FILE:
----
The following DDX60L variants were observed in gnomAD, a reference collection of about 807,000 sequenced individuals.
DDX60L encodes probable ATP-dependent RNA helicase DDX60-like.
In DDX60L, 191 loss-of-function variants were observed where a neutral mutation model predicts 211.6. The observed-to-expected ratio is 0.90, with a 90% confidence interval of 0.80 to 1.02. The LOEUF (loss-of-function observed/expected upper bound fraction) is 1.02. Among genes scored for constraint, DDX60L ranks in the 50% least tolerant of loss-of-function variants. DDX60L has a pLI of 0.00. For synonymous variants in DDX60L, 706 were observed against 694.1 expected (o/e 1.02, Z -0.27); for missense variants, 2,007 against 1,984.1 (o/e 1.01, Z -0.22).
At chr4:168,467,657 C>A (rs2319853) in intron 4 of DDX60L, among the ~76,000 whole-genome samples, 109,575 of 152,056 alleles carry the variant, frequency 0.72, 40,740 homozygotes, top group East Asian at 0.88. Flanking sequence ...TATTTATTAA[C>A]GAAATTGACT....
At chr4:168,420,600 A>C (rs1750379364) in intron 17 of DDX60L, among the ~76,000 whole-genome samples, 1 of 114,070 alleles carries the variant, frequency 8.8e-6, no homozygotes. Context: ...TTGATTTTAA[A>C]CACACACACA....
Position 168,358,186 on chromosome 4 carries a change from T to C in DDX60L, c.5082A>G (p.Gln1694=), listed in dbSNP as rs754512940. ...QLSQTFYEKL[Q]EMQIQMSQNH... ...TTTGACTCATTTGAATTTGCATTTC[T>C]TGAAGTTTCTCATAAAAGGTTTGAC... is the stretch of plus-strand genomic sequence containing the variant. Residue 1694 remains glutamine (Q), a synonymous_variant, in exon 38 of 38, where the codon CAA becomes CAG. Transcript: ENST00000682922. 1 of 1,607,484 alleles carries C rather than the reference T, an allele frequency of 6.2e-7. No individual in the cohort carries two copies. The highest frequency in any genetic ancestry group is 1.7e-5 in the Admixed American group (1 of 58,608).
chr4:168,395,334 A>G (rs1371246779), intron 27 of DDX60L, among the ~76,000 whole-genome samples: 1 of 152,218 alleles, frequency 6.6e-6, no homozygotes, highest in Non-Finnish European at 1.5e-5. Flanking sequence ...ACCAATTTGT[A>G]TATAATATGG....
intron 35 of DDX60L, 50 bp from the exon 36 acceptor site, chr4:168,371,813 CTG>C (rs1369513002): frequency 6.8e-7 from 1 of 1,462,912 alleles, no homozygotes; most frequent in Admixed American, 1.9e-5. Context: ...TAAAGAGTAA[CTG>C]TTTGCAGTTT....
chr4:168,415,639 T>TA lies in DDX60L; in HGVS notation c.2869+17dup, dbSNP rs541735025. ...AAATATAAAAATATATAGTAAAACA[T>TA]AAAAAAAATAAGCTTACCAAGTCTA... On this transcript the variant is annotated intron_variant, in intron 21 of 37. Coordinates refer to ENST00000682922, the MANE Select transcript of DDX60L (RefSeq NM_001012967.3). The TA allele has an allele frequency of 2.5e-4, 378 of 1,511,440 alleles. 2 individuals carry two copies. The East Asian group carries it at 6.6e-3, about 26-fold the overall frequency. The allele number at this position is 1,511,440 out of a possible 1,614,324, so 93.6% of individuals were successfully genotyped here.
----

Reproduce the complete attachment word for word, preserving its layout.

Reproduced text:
The following DDX60L variants were observed in gnomAD, a reference collection of about 807,000 sequenced individuals.
DDX60L encodes probable ATP-dependent RNA helicase DDX60-like.
In DDX60L, 191 loss-of-function variants were observed where a neutral mutation model predicts 211.6. The observed-to-expected ratio is 0.90, with a 90% confidence interval of 0.80 to 1.02. The LOEUF (loss-of-function observed/expected upper bound fraction) is 1.02. Among genes scored for constraint, DDX60L ranks in the 50% least tolerant of loss-of-function variants. DDX60L has a pLI of 0.00. For synonymous variants in DDX60L, 706 were observed against 694.1 expected (o/e 1.02, Z -0.27); for missense variants, 2,007 against 1,984.1 (o/e 1.01, Z -0.22).
At chr4:168,467,657 C>A (rs2319853) in intron 4 of DDX60L, among the ~76,000 whole-genome samples, 109,575 of 152,056 alleles carry the variant, frequency 0.72, 40,740 homozygotes, top group East Asian at 0.88. Flanking sequence ...TATTTATTAA[C>A]GAAATTGACT....
At chr4:168,420,600 A>C (rs1750379364) in intron 17 of DDX60L, among the ~76,000 whole-genome samples, 1 of 114,070 alleles carries the variant, frequency 8.8e-6, no homozygotes. Context: ...TTGATTTTAA[A>C]CACACACACA....
Position 168,358,186 on chromosome 4 carries a change from T to C in DDX60L, c.5082A>G (p.Gln1694=), listed in dbSNP as rs754512940. ...QLSQTFYEKL[Q]EMQIQMSQNH... ...TTTGACTCATTTGAATTTGCATTTC[T>C]TGAAGTTTCTCATAAAAGGTTTGAC... is the stretch of plus-strand genomic sequence containing the variant. Residue 1694 remains glutamine (Q), a synonymous_variant, in exon 38 of 38, where the codon CAA becomes CAG. Transcript: ENST00000682922. 1 of 1,607,484 alleles carries C rather than the reference T, an allele frequency of 6.2e-7. No individual in the cohort carries two copies. The highest frequency in any genetic ancestry group is 1.7e-5 in the Admixed American group (1 of 58,608).
chr4:168,395,334 A>G (rs1371246779), intron 27 of DDX60L, among the ~76,000 whole-genome samples: 1 of 152,218 alleles, frequency 6.6e-6, no homozygotes, highest in Non-Finnish European at 1.5e-5. Flanking sequence ...ACCAATTTGT[A>G]TATAATATGG....
intron 35 of DDX60L, 50 bp from the exon 36 acceptor site, chr4:168,371,813 CTG>C (rs1369513002): frequency 6.8e-7 from 1 of 1,462,912 alleles, no homozygotes; most frequent in Admixed American, 1.9e-5. Context: ...TAAAGAGTAA[CTG>C]TTTGCAGTTT....
chr4:168,415,639 T>TA lies in DDX60L; in HGVS notation c.2869+17dup, dbSNP rs541735025. ...AAATATAAAAATATATAGTAAAACA[T>TA]AAAAAAAATAAGCTTACCAAGTCTA... On this transcript the variant is annotated intron_variant, in intron 21 of 37. Coordinates refer to ENST00000682922, the MANE Select transcript of DDX60L (RefSeq NM_001012967.3). The TA allele has an allele frequency of 2.5e-4, 378 of 1,511,440 alleles. 2 individuals carry two copies. The East Asian group carries it at 6.6e-3, about 26-fold the overall frequency. The allele number at this position is 1,511,440 out of a possible 1,614,324, so 93.6% of individuals were successfully genotyped here.